of the "Missus" and the little children 
at home and Daddy not there to help 
to fill the small stockings. 

"Seven of 'em, I have," said the big 
British Sergeant: "seven little blighters 
an' the Missus, an' 'ere I be in the firin' 
line Christmas Eve, and Gawd knows 


where I'll be to-morrow. The pore 
little blighters an' the Missus !" 

On the harping wings of the angels 
comes the message to all the grieving 
and troubled world- — the message of 
Peace and Goodwill to all men. What 
a mockery ! 

"Where's Daddy, Mother ? I want 
my Daddy for my Christmas." Daddy 
is lying dead on Christmas morning — 
in a far country, little boy. 

. To Kit • 

By Arthur Stringer 

Author of "The Woman in the Rain," "The Wire Tappers," etc. 

WHO'S the woman wid a trace 
Av the lough-light on her face, 
The woman wid the meltin' eyes and wid a sense 

av wit ? 
Faith, it's Kit, colleen Kit, 
The Kit whose name is spoken soft where moumin' women 

The Kit that all the world must love where lamp or turf is lit! 
The brogue that's on her Irish tongue is soft as Cleena 

And th' light that's in her sea-gray eye is sure the light o' 

dream ! 
And the bodagh wid a trouble, 
Seein' Kit, is seein' double, 
Wid a word to give him grit, — 
Grit to brace his sowl a bit 
And be stickin' like a burr. 
Till he falls to thankin' Kit 
For the likes av her, and for it ! 
What Erin's blade but loves that aisy-goin' smile av 

hers ? 
What thrush that has a voice that comes within a mile av 

hers ? 
Who patches up our troubles wid that woman's guile av 

And keeps this world the sweeter for that sootherin' smile 

av hers ? 
Faith, what's the use av arguin' it ? 

For it's Kit, lovin', laughin', crazy Kit, 

Who cheers us on to fightin', lads, and tells us when to quit I 

Who knows this sad ould world av ours and still keeps 

lovin' it ! 
Sure, it's Kit, our Irish Kit, 
The Kit who owns a heart as big as any shay. 
The Kit who'd be your friend a thousand miles away ! 
The Kit who's quick and kind , 
The Kit who's niver blind 
To what's beside her way. 

The rompin' Kit, it's ten to wan, ye'll spy so close behind 
The rompin' troops av Tiny Folk who turn our work to 

play ! 
For she's a colleen still is Kit, 
Niver growin' ould a bit, 

Teachin' us to pump a tear and drown it in a smile. 
Passin' out her Irish song to aise the longest mile ! 
And we thank you, Colleen Kit, 
For your God's own Irish wit 
And for keepin' young in heart 
(You and Youth can never part !) 
And for comin' from the Isle 
Where they're Irish to the core 
And the green is niver gray ! 
So miss or hit, here's to you, Kit, 
To you, wanst more ! for we love you like a mother. 
And like a brother, and like another 
Isle av Erin half a xvorld away from Erin's shore ! 

St. Nicholas and the Lovers 


By Emery Pottle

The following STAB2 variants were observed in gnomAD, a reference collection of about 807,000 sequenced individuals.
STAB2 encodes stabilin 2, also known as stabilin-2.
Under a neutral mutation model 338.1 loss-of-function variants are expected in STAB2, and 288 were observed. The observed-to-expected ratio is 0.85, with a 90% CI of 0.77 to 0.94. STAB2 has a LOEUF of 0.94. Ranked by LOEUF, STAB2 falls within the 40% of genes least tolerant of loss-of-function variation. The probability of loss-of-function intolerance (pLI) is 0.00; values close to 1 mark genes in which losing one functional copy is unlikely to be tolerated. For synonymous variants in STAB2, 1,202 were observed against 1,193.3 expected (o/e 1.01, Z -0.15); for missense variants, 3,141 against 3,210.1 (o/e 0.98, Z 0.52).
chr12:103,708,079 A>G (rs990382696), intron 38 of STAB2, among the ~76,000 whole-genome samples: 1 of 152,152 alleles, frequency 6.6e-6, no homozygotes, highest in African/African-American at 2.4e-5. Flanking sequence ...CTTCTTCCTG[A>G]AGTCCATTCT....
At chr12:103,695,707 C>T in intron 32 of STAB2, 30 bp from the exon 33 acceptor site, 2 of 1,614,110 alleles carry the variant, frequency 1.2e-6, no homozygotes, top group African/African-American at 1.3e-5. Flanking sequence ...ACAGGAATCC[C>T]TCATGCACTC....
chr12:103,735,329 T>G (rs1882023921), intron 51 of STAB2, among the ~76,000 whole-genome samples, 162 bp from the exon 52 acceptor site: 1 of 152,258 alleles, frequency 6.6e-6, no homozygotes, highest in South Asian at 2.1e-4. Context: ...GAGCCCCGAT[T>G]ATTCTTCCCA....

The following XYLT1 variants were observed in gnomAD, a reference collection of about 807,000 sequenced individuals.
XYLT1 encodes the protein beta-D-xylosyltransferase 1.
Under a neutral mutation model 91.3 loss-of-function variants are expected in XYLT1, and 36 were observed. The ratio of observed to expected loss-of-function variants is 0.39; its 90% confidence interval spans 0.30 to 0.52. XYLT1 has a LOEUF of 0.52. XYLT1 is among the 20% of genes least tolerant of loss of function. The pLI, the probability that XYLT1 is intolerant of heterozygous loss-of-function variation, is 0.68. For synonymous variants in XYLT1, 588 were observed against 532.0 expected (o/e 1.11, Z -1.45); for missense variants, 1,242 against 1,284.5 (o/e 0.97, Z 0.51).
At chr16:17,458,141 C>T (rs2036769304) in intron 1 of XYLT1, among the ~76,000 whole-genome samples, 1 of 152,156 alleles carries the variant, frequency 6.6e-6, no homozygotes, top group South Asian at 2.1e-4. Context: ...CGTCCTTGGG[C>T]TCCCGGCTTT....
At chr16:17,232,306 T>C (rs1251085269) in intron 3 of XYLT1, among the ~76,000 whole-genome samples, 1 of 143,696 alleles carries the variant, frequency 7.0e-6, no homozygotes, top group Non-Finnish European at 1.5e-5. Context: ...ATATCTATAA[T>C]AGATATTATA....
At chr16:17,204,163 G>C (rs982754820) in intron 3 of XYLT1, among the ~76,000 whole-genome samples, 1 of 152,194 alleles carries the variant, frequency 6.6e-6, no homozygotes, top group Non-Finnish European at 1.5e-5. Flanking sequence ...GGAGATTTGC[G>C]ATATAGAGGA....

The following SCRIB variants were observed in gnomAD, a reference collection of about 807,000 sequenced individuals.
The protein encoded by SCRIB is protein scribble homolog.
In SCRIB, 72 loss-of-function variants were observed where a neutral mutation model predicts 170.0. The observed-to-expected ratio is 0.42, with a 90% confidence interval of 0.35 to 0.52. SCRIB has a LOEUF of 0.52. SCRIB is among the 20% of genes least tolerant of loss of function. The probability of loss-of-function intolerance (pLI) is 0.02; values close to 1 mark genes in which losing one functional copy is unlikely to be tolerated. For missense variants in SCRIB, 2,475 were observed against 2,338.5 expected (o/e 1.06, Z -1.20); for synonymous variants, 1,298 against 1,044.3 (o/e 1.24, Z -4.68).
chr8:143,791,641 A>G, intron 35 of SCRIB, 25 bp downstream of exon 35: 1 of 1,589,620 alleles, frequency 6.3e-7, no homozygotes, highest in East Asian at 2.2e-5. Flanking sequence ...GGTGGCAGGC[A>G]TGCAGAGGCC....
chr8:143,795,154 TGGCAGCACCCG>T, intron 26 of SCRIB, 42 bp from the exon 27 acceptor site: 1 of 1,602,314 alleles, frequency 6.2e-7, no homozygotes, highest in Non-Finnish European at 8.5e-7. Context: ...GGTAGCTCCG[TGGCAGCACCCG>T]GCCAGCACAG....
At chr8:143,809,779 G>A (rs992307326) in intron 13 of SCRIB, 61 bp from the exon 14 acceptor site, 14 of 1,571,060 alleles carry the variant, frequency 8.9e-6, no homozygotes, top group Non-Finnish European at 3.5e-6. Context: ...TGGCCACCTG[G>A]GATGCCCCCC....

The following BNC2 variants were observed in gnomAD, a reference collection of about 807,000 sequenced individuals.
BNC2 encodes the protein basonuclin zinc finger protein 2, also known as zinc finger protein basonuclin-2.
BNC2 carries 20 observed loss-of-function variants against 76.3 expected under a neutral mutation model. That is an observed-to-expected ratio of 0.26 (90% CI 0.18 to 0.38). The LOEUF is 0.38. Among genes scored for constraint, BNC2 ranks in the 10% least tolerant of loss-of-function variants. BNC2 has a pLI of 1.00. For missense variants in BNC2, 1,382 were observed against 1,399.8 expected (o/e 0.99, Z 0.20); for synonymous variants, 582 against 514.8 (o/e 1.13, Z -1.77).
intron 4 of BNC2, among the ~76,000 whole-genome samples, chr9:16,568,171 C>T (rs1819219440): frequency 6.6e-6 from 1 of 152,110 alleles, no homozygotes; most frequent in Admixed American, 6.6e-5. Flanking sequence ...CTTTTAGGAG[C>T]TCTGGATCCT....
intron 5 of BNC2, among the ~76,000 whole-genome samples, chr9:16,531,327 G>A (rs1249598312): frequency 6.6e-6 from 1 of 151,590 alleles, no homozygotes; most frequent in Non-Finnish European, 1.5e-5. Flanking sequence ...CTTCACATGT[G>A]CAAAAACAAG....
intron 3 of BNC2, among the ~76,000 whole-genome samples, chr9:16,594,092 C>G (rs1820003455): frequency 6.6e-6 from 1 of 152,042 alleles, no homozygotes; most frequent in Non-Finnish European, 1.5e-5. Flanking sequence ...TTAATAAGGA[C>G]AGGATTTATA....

Illustrated by Dan Sayre Groesbeck 


THERE is no occasion to make 
excuses for Fanny and Fritz. 
When one is— or rather when 
two are frank and twenty, and, 
at the same time, complacently and 
conspicuously in love with each other, 
I am not aware that it is a condition 
in which excuses are properly made. 
Unquestionably they would them- 
selves, I dare say rudely, resent any 
extenuation of their conduct. And 
any one else, as matters ultimately 
turned out, will not greatly be inclined 
to lay at their doors the obsolescent 
charge of indelicacy. Cecelia — Cecelia 
Francesca Purvis — and Lucius Pretty- 
man did not. 

To elaborate a bit- — Fanny Denton 
and Cecelia Francesca shared together 
a battered apartment on the roof of a 
great, gloomy, rambling structure, 
devoted to the housing of courageously 
impecunious art students. I say on 
the roof, since the case was just that: 
they lived in an insecure-looking story 
which the thrifty owners of the build- 
ing had hastily constructed on the 
top of everything to contain a new 
lot more courageous and more im- 
pecunious than the rest. Somewhere 
down the canal-like halls Fritz Allen 
also had a studio and Lucius Pretty- 
man another. 

In the daytime the four of them 
worked at an art school nearby — con- 

sidering, with excep- 
tional confidence, art 
wasn't so long or 
time so fleeting that 
they couldn't make 
both ends meet in a 
Career. Cecelia did 
miniatures, in a very 
ladylike and minia- 
ture way; Fanny in- 
clined to conventional 
designing; and as for 
Denton land Lucius, 
the former dashed out 
fictitious illustrations 
for his fictitious im- 
aginings, while Lucius 
toiled wor ri s o m e 1 y 
along in the "life 
class" and brooded deeply over the 
possibilities of large, depressing can- 
vases devoted to the depicting of 
death scenes of famous generals, and 
like inspiring subjects. 

Of a truth it cannot be said of 
Cecelia and Lucius that they were in 
the bloom of their youth, though, to 
be sure, Cecelia's spirit was innocently 
inexperienced to an appalling degree, 
and she was wont to clothe herself in 
garments of a limply artistic drapery, 
suggesting, in hue at least, the im- 
mortal, blithe Botticelli maidens. At 
any rate her soul was youthful and her 
nature unselfish and beautiful. 

Lucius probably never was young. 
The unpliable strands of his nature 
seemed never to loosen. One in- 
stinctively knew that Lucius's favorite 
poem contained rigid the sentiment 
that life is real, life is earnest. His high, 
pale brow betokened in its concen- 
trated little knot of lines above the 
nose, a spirit furrowed with the plough- 
share of Serious Effort. . . . He 
moved in and out among his fellows, 
a gentle, shabby, good-tempered, ab- 
normally shy creature whom all loved, 
when they were not consumed with a 
helpless rage at the ponderous preci- 
sion of his mental and physical work- 

It was natural enough that the four